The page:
How are MS Medications Selected?

Various preparations of injectable β interferons and glatiramer acetate remain the first-line immunomodulatory medications for many clinicians (Fig. 2).[21] These injectable therapies come along with now decades of use and corresponding comfort regarding manageable side-effect profiles with a minimum of serious side effects. Approved β interferons are interferon β-1a subcutaneously thrice weekly (Rebif, EMD Serono, Inc., Rockland, Massachusetts) or intramuscularly once weekly (Avonex, Biogen Idec, Weston, Massachusetts) and interferon β-1b subcutaneous every other day injections (Betaseron/Betaferon, Bayer HealthCare, Leverkeusen, Germany; Extavia, Novartis, Basel, Switzerland). Glatiramer acetate (Copaxone, Teva Pharmaceuticals, Petah Tikva, Israel) is given subcutaneously on a once daily basis. Each of these injectable medications is effective in reducing clinical attacks and new MRI lesions. Parenteral therapy and mode of injection, however, is the main drawback of these medications. Interferon-specific side effects include flu-like symptoms (myalgias, headache, malaise) often improving within 2 to 3 months of therapy. Liver enzyme monitoring is recommended in patients treated with the interferon medications. Rarely, depression may worsen in these patients. Glatiramer acetate overall is well tolerated; however, flushing, eosinophilia, and rare allergic reactions may complicate therapy. Additionally, injection-site reactions may evolve into skin lipoatrophy. Combination therapy with interferon β-1aintramuscularly once weekly and glatiramer acetate does not appear to be significantly more efficacious than monotherapy.[22]

Figure 2.

Treatment algorithm for selection and switching of approved immunomodulatory multiple sclerosis (MS) medications. Note most selection and switching of MS medications lack strong evidence-based recommendations. Natalizumab should be used only with extreme caution in JCV Ab positive patients. JCV, John Cunningham virus; Ab, antibodies.

Since 2010, a new era has begun in the treatment of RRMS with the availability and approval of oral medications. Oral MS medications are now an attractive option for some patients and new agents continue to be introduced and approved. MS patients resistant to injection therapy in particular may select from an increasing number of oral medications now available. Currently approved oral MS medications are fingolimod (Gilenya, Novartis, Basel, Switzerland),[23] teriflunomide (Aubagio, Genzyme, Cambridge, MA),[24] and BG-12 (Tecfidera, Biogen Idec, Weston, Massachusetts). Each oral medication comes with their own side-effect profiles that need to be tailored to the individual patient. With fingolimod, first-dose monitoring of heart rate and blood pressure for minimum of 6 hours is required as is serological evaluation for varicella zoster virus immunity, ophthalmologic evaluation for macular edema both at baseline and repeated in 3 to 4 months and annually in those with diabetes mellitus or uveitis.[25] Rare, initially unexplained sudden deaths have occurred in patients taking fingolimod; therefore, evaluation of cardiac status and antihypertensive regimens are required. Health-related warnings for teriflunomide include that of elevated liver enzymes and possible hepatoxicity and risk of teratogenicity. BG-12 may be associated with flushing.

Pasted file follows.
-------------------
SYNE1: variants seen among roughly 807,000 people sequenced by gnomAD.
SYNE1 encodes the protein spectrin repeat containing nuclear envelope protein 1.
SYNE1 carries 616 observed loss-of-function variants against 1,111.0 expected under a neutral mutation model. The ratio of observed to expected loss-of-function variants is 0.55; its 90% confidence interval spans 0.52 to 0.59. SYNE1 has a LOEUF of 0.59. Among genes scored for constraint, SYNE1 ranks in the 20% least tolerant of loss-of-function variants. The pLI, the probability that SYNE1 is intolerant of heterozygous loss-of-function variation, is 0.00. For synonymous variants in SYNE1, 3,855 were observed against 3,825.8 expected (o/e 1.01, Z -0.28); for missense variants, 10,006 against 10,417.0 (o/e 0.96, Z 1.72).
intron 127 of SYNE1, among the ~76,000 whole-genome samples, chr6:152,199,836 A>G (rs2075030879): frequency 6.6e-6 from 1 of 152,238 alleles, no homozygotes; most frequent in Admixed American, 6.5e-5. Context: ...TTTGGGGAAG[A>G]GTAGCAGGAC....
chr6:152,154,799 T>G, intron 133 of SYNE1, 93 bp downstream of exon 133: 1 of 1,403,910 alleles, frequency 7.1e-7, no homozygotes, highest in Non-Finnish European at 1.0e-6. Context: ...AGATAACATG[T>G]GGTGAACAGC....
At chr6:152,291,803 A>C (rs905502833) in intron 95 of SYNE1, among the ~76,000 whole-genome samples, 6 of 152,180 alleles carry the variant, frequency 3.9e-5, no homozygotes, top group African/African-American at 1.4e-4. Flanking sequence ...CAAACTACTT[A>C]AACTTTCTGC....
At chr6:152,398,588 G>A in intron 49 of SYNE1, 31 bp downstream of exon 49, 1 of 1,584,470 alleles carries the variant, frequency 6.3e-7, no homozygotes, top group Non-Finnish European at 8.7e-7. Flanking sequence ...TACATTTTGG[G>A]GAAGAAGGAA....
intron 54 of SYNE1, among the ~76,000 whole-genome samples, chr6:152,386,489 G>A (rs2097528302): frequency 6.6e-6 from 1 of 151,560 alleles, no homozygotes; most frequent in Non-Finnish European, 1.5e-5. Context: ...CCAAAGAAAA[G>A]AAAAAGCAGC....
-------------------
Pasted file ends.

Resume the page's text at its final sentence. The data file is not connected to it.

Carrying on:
Natalizumab (Tysabri, Biogen Idec, Weston, Massachusetts) is generally considered a second-line MS medication for patients with treatment-resistant disease, given its highly robust reduction in clinical relapses and MRI lesions.[26] Occasionally, it is considered a useful first-line option if a highly inflammatory process is seen at onset with multifocal or severe repeated attacks early in the disease course. Natalizumab is prescribed through the TYSABRI Outreach: Unified Commitment to Health (TOUCH) prescribing program for patients in the United States given its association in some patients with the development of PML.[27] Testing for prior exposure to the John Cunningham virus (JCV) by an enzyme-linked immunosorbent assay- (ELISA-) based serological test is recommended. JCV seronegative patients are at a greatly reduced risk of PML, but need to be retested every 6 months to assure against new JCV exposure. Those patients seropositive for JCV Ab and particularly those with prior exposure to immunosuppressive drugs and treated for 2 years or more are at elevated risk for PML. Natalizumab should be discontinued in patients suspected to have PML and where plasma exchange to remove the drug is recommended.[28] Discontinuation of natalizumab requires caution; an immune reconstitution inflammatory syndrome (IRIS) may occur.[29] IRIS is a poorly understood corticosteroid-responsive inflammatory condition.